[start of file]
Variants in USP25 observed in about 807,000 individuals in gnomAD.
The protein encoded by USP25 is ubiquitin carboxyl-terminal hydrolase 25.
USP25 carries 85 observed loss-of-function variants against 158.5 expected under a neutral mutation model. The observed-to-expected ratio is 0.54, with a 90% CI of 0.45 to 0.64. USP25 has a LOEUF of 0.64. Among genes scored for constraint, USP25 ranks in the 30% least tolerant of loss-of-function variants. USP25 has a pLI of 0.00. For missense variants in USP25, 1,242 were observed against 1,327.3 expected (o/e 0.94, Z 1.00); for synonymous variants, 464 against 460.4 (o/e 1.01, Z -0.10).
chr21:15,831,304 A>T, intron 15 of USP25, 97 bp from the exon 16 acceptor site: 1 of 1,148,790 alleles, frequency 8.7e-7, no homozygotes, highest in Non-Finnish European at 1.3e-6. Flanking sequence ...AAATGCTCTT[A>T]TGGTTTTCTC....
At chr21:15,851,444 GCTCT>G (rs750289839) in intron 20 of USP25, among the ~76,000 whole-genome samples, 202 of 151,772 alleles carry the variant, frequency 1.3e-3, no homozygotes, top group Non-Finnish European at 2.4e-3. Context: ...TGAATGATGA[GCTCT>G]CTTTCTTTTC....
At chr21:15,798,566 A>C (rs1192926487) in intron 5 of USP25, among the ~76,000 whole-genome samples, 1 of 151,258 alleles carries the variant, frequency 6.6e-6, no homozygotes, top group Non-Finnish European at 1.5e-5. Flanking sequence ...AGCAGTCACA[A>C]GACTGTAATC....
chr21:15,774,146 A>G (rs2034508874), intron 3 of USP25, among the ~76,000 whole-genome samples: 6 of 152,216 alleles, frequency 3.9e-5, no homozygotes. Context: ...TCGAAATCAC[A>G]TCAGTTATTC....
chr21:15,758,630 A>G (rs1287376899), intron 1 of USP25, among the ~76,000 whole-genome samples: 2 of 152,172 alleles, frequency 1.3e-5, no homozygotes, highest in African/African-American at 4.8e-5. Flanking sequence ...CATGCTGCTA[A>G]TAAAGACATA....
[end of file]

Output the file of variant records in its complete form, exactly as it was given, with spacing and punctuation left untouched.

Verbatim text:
Variants in USP25 observed in about 807,000 individuals in gnomAD.
The protein encoded by USP25 is ubiquitin carboxyl-terminal hydrolase 25.
USP25 carries 85 observed loss-of-function variants against 158.5 expected under a neutral mutation model. The observed-to-expected ratio is 0.54, with a 90% CI of 0.45 to 0.64. USP25 has a LOEUF of 0.64. Among genes scored for constraint, USP25 ranks in the 30% least tolerant of loss-of-function variants. USP25 has a pLI of 0.00. For missense variants in USP25, 1,242 were observed against 1,327.3 expected (o/e 0.94, Z 1.00); for synonymous variants, 464 against 460.4 (o/e 1.01, Z -0.10).
chr21:15,831,304 A>T, intron 15 of USP25, 97 bp from the exon 16 acceptor site: 1 of 1,148,790 alleles, frequency 8.7e-7, no homozygotes, highest in Non-Finnish European at 1.3e-6. Flanking sequence ...AAATGCTCTT[A>T]TGGTTTTCTC....
At chr21:15,851,444 GCTCT>G (rs750289839) in intron 20 of USP25, among the ~76,000 whole-genome samples, 202 of 151,772 alleles carry the variant, frequency 1.3e-3, no homozygotes, top group Non-Finnish European at 2.4e-3. Context: ...TGAATGATGA[GCTCT>G]CTTTCTTTTC....
At chr21:15,798,566 A>C (rs1192926487) in intron 5 of USP25, among the ~76,000 whole-genome samples, 1 of 151,258 alleles carries the variant, frequency 6.6e-6, no homozygotes, top group Non-Finnish European at 1.5e-5. Flanking sequence ...AGCAGTCACA[A>C]GACTGTAATC....
chr21:15,774,146 A>G (rs2034508874), intron 3 of USP25, among the ~76,000 whole-genome samples: 6 of 152,216 alleles, frequency 3.9e-5, no homozygotes. Context: ...TCGAAATCAC[A>G]TCAGTTATTC....
chr21:15,758,630 A>G (rs1287376899), intron 1 of USP25, among the ~76,000 whole-genome samples: 2 of 152,172 alleles, frequency 1.3e-5, no homozygotes, highest in African/African-American at 4.8e-5. Flanking sequence ...CATGCTGCTA[A>G]TAAAGACATA....